With more than 210,000 members, NAMI is the nation's leading grassroots advocacy organization solely dedicated to improving the lives of persons with severe mental illnesses including schizophrenia, bipolar disorder (manic-depressive illness), major depression, obsessive-compulsive disorder, and severe anxiety disorders. NAMI's efforts focus on support to persons with serious brain disorders and to their families; advocacy for nondiscriminatory and equitable federal, state, and private-sector policies; research into the causes, symptoms and treatments for brain disorders; and education to eliminate the pervasive stigma surrounding severe mental illness. NAMI has more than 1,200 state and local affiliates in all 50 states, the District of Columbia, Puerto Rico, American Samoa and Canada. NAMI can be contacted at 800-950-NAMI (800-950-6264) or on the Web at www.nami.org.
National DMDA is the nation's largest patient-run, illness-specific organization. Founded in 1986 and headquartered in Chicago, Ill., National DMDA has a worldwide grassroots network of 275 chapters and support groups. Its mission is to educate patients, families, professionals and the public concerning the nature of depressive and manic-depressive illnesses as treatable medical diseases; to foster self-help for patients and families; to eliminate discrimination and stigma; to improve access to care; and to advocate for research toward the elimination of these illnesses. National DMDA can be contacted at 800-826-3632 or on the web at www.ndmda.org.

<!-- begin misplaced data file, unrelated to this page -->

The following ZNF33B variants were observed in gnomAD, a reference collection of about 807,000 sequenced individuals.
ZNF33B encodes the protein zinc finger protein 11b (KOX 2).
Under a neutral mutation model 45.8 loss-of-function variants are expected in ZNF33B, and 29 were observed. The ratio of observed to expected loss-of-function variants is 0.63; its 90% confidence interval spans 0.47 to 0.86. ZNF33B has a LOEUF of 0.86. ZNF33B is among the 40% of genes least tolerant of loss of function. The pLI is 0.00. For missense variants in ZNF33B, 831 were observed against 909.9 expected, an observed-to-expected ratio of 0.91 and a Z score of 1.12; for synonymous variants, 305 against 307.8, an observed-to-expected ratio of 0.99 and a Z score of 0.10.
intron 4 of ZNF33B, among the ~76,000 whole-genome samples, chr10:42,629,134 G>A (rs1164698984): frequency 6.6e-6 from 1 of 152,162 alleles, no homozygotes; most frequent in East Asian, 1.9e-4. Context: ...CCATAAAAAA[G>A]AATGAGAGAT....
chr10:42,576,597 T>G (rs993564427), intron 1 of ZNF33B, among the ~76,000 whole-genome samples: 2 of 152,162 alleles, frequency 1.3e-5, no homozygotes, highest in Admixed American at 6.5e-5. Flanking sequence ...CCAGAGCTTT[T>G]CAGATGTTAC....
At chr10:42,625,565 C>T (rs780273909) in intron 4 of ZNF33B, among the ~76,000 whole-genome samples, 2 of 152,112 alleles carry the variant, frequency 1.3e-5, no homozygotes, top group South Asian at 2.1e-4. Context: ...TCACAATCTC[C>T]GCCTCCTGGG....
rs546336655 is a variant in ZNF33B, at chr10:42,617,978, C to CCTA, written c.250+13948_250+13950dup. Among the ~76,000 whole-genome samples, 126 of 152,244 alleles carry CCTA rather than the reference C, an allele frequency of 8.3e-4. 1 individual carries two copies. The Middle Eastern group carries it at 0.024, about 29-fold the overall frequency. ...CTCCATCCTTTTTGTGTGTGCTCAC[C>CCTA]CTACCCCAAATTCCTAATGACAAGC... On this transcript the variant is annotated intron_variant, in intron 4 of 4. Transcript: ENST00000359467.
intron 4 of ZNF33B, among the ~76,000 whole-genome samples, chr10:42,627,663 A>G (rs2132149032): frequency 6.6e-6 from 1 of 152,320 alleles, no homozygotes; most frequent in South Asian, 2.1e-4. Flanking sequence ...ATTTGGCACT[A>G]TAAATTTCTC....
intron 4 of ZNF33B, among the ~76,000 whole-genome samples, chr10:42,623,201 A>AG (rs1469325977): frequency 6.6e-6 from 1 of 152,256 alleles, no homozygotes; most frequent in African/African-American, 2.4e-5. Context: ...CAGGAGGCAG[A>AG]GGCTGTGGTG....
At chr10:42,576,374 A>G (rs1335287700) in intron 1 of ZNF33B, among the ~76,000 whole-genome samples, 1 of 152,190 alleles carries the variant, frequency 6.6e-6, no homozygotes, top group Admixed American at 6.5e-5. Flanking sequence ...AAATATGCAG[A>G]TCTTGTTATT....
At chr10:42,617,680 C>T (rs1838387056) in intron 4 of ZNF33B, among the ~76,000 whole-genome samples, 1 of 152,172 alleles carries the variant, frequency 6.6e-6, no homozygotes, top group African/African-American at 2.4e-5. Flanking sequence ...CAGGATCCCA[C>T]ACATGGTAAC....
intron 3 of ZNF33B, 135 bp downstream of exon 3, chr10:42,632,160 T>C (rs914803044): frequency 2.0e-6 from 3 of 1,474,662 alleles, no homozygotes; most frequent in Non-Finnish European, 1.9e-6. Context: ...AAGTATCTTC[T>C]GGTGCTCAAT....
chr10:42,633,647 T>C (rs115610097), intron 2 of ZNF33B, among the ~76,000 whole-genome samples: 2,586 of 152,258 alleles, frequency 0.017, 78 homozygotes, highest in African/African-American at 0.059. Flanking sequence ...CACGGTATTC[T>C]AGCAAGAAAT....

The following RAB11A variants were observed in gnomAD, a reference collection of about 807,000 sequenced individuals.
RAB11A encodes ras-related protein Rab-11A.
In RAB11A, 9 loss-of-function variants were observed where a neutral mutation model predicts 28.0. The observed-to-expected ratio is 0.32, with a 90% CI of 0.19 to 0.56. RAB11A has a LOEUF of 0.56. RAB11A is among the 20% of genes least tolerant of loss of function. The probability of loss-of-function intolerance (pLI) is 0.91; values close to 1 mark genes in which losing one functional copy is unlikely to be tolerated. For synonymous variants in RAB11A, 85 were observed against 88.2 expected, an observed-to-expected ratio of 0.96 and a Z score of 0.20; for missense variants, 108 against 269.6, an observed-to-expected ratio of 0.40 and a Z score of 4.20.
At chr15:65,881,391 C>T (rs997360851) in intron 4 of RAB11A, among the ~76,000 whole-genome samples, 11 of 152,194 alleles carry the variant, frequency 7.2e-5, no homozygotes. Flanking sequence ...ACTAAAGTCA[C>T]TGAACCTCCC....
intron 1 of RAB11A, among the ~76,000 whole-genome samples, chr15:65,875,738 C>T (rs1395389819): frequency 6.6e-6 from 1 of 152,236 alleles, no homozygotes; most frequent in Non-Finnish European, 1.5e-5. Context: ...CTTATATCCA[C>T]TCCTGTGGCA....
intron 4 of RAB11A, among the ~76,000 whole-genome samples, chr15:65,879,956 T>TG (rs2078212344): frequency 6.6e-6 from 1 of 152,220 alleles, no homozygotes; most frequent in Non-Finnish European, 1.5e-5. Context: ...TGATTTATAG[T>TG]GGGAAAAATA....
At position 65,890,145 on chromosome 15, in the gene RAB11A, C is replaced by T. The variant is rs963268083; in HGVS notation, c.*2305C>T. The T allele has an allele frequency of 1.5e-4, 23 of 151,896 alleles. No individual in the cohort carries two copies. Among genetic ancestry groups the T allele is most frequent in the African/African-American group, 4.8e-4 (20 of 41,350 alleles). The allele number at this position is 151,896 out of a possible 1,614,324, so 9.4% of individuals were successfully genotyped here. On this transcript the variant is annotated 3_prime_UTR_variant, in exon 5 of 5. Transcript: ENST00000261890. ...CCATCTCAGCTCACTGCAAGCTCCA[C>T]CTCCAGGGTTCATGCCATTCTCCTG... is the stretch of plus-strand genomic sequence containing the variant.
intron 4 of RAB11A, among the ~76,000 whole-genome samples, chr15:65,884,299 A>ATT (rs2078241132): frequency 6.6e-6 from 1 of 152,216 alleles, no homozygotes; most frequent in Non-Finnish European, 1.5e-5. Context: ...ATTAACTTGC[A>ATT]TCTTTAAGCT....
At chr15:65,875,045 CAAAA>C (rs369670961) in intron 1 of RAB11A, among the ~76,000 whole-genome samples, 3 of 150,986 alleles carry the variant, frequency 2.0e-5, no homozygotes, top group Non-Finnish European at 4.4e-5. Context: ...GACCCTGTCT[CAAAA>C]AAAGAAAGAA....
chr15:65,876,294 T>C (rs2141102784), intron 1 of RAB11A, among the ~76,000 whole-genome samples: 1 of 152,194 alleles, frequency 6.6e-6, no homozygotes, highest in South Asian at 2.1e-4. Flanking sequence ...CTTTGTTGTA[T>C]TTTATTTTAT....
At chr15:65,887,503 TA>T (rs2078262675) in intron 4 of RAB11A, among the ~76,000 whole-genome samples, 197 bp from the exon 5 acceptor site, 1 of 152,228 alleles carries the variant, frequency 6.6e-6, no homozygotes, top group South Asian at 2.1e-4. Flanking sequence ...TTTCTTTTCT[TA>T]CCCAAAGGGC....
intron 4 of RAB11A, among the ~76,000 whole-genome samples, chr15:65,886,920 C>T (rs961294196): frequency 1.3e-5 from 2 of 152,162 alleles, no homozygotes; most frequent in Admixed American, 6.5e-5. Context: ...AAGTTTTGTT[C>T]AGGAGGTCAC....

The survey was funded by Abbott Laboratories.
Taking A Closer Look
Survey Reveals Myths and Misperceptions About Manic Depression
Results from a recent mental illness awareness survey echo initial findings uncovered in 1995 - a significant gap exists between people's perceptions and awareness of mental illness, and in particular, manic depression, also know as bipolar disorder. The Opinion Research Corporation survey* of 1,008 Americans, conducted on behalf of the National Alliance for the Mentally Ill (NAMI) and the National Depressive and Manic-Depressive Association (NDMDA), found that general awareness of mental illness has increased, but manic-depressive illness remains a commonly misunderstood condition. The following highlights point out the gaps in understanding that still exist and must be overcome:
More Education Needed